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Engineers sign on the dotted line at jobs fair

EURES Spain has had considerable success in the past two years at helping engineers find work in other Member States, particularly Germany. The initiative reached the height of success in March when the ‘Engineers to Germany’ jobs fair in Barcelona saw six contracts signed at the event and many more candidates beginning the recruitment process with companies.
The event had been several months in the planning, according to organiser and EURES Adviser in Barcelona, Arnau Soy. Three months previously, EURES published a list of job vacancies for engineers in Germany and invited potential candidates in Spain to submit applications according to a specific format.
The applications had to be received by a ‘pre-deadline’ of one month ahead of
the jobs fair, allowing time for EURES Spain to filter them according to suitability and pass them along to 18 German companies interested in attending.
“That’s how we make a difference,” says Arnau. “With us, employers do not have to work so hard at sorting the applications, determining who can meet language requirements, for example.” Once employers determine which candidates they are interested in, EURES sets about scheduling interviews to take place during the two-day Engineers to Germany event. For this stage, 170 people were selected.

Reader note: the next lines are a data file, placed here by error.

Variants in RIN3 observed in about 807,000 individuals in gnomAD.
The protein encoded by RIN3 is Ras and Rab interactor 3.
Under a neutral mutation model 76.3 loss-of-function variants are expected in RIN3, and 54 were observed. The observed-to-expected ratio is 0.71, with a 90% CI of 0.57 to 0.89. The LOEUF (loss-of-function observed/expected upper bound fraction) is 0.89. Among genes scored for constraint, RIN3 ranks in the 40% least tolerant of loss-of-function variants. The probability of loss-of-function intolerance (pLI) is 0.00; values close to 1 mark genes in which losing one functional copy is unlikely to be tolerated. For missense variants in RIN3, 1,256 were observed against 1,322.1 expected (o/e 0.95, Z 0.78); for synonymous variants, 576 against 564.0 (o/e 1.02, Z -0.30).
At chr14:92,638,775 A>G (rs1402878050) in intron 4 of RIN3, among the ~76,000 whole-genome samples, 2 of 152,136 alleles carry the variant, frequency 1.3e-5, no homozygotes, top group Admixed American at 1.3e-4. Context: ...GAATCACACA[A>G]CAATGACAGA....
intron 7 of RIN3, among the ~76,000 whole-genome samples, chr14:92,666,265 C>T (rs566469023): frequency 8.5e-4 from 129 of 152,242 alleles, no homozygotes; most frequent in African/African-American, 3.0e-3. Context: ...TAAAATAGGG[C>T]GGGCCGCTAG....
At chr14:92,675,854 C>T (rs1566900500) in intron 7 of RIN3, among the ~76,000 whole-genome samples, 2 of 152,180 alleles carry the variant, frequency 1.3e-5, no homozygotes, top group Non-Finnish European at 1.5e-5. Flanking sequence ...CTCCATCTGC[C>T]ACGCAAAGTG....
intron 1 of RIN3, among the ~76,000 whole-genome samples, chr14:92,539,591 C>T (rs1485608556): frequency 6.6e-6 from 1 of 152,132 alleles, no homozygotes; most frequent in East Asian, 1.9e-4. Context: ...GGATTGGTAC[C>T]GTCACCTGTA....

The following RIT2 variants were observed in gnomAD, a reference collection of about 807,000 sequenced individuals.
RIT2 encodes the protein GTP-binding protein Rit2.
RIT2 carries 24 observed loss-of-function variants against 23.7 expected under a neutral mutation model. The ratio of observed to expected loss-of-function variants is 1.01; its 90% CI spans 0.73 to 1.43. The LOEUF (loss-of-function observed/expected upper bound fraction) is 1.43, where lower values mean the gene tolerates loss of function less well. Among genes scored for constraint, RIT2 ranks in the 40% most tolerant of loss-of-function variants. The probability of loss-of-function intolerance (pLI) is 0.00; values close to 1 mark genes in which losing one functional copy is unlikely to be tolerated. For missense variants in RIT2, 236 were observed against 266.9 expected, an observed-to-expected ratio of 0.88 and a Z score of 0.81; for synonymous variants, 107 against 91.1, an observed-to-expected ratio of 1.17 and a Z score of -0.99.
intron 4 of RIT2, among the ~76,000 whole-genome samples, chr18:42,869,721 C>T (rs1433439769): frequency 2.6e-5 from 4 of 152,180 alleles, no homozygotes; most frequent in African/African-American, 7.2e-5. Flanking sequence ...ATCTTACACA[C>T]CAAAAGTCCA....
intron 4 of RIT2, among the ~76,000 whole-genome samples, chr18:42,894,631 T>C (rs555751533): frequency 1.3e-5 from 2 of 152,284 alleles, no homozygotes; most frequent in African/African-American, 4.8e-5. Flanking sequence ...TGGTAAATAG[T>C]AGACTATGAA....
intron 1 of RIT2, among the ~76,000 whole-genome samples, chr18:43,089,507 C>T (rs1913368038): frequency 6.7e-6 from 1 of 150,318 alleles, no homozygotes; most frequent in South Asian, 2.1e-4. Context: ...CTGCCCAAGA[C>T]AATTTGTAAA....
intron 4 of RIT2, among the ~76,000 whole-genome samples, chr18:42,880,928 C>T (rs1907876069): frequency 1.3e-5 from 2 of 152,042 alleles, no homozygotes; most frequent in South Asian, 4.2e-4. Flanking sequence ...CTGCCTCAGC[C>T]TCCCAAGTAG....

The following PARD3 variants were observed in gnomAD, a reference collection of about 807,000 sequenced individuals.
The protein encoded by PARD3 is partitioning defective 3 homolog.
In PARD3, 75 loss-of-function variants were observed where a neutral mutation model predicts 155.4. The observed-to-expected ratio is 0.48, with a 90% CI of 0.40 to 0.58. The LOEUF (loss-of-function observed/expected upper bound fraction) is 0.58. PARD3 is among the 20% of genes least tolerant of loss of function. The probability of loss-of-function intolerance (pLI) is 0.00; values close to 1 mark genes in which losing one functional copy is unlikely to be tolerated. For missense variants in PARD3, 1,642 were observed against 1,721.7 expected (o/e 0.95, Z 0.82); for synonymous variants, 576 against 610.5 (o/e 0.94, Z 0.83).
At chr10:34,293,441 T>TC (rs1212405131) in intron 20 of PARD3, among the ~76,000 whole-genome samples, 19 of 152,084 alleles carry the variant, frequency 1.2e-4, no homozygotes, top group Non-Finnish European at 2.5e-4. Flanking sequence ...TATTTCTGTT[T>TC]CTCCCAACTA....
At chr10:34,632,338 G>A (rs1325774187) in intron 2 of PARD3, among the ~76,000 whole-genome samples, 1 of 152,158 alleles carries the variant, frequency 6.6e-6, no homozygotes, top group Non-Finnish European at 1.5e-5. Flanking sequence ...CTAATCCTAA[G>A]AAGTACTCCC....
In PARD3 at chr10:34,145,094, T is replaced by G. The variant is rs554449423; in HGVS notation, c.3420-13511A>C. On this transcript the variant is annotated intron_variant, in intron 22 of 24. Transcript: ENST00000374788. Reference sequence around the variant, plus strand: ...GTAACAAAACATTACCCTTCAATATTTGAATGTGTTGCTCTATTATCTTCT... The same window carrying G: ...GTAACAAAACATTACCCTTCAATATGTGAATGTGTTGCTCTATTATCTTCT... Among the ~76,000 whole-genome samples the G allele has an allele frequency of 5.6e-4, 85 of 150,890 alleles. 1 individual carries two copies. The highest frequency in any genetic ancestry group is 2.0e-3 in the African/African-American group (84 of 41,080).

The event is about more than interviews, however. Day one is open to anyone with engineering qualifications and includes information sessions on topics such as living and working in another Member State, and how to qualify for financial support through the Your First EURES Job (YfEj) programme.
Day two had been initially reserved for interviews, but these spilled over into the first day since the companies were eager to speak to so many candidates. Aside from the six contracts signed on the day, many more candidates are currently in various stages of the recruitment process at the German firms.
Approximately 500 engineers attended across the two days, and while not all were eventually hired, most seemed to leave happy. “Our questionnaire indicated that people were very satisfied with how the event works,” says Arnau.
While the cooperation of Spanish authorities, public representatives and local media was essential to the event’s success, there was also significant assistance from German representatives. The German Embassy to Spain visited the jobs fair to lend support, while staff at EURES Germany have since taken over as advisers to the candidates while their talks with German companies are ongoing.
“Will we do this again? I’m sure of it,” says Arnau. “Like many of our smaller events, this was a huge success. But because of its size, this one really stands out.”
Read more:
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Find out more about the working and living conditions in different European countries on the EURES Job Mobility Portal
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